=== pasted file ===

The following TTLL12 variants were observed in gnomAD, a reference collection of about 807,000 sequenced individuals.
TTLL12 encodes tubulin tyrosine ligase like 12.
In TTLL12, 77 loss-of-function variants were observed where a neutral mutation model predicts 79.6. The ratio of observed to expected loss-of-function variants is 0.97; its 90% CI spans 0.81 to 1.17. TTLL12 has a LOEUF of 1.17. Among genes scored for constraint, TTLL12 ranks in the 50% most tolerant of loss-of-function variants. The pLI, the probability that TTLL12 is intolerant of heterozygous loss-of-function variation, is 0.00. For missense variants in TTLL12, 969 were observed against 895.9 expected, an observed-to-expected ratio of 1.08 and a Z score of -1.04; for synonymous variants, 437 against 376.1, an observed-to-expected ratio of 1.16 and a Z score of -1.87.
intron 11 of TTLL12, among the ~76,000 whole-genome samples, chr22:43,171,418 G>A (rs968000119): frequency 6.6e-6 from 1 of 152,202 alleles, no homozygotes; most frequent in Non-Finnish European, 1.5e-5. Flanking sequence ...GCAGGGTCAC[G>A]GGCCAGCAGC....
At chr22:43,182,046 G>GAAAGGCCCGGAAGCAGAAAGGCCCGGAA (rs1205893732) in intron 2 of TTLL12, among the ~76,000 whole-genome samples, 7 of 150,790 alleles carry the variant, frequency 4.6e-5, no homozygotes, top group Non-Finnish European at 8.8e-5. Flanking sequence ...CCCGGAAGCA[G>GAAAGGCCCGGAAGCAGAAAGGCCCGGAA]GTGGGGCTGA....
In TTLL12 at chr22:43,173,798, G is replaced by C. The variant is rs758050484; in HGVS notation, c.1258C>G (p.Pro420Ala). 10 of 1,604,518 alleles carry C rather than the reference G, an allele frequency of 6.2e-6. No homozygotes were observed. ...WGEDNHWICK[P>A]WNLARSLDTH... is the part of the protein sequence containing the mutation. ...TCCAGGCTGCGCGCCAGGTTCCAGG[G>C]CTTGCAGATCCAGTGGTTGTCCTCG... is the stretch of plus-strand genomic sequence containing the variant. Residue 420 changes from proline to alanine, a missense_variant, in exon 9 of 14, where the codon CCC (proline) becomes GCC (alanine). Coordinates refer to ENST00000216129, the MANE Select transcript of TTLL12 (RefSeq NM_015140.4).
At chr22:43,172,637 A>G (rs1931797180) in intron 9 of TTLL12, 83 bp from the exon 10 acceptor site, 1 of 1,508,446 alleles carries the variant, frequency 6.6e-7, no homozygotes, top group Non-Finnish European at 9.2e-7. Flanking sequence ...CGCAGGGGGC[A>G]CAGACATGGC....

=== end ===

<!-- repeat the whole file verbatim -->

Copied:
The following TTLL12 variants were observed in gnomAD, a reference collection of about 807,000 sequenced individuals.
TTLL12 encodes tubulin tyrosine ligase like 12.
In TTLL12, 77 loss-of-function variants were observed where a neutral mutation model predicts 79.6. The ratio of observed to expected loss-of-function variants is 0.97; its 90% CI spans 0.81 to 1.17. TTLL12 has a LOEUF of 1.17. Among genes scored for constraint, TTLL12 ranks in the 50% most tolerant of loss-of-function variants. The pLI, the probability that TTLL12 is intolerant of heterozygous loss-of-function variation, is 0.00. For missense variants in TTLL12, 969 were observed against 895.9 expected, an observed-to-expected ratio of 1.08 and a Z score of -1.04; for synonymous variants, 437 against 376.1, an observed-to-expected ratio of 1.16 and a Z score of -1.87.
intron 11 of TTLL12, among the ~76,000 whole-genome samples, chr22:43,171,418 G>A (rs968000119): frequency 6.6e-6 from 1 of 152,202 alleles, no homozygotes; most frequent in Non-Finnish European, 1.5e-5. Flanking sequence ...GCAGGGTCAC[G>A]GGCCAGCAGC....
At chr22:43,182,046 G>GAAAGGCCCGGAAGCAGAAAGGCCCGGAA (rs1205893732) in intron 2 of TTLL12, among the ~76,000 whole-genome samples, 7 of 150,790 alleles carry the variant, frequency 4.6e-5, no homozygotes, top group Non-Finnish European at 8.8e-5. Flanking sequence ...CCCGGAAGCA[G>GAAAGGCCCGGAAGCAGAAAGGCCCGGAA]GTGGGGCTGA....
In TTLL12 at chr22:43,173,798, G is replaced by C. The variant is rs758050484; in HGVS notation, c.1258C>G (p.Pro420Ala). 10 of 1,604,518 alleles carry C rather than the reference G, an allele frequency of 6.2e-6. No homozygotes were observed. ...WGEDNHWICK[P>A]WNLARSLDTH... is the part of the protein sequence containing the mutation. ...TCCAGGCTGCGCGCCAGGTTCCAGG[G>C]CTTGCAGATCCAGTGGTTGTCCTCG... is the stretch of plus-strand genomic sequence containing the variant. Residue 420 changes from proline to alanine, a missense_variant, in exon 9 of 14, where the codon CCC (proline) becomes GCC (alanine). Coordinates refer to ENST00000216129, the MANE Select transcript of TTLL12 (RefSeq NM_015140.4).
At chr22:43,172,637 A>G (rs1931797180) in intron 9 of TTLL12, 83 bp from the exon 10 acceptor site, 1 of 1,508,446 alleles carries the variant, frequency 6.6e-7, no homozygotes, top group Non-Finnish European at 9.2e-7. Flanking sequence ...CGCAGGGGGC[A>G]CAGACATGGC....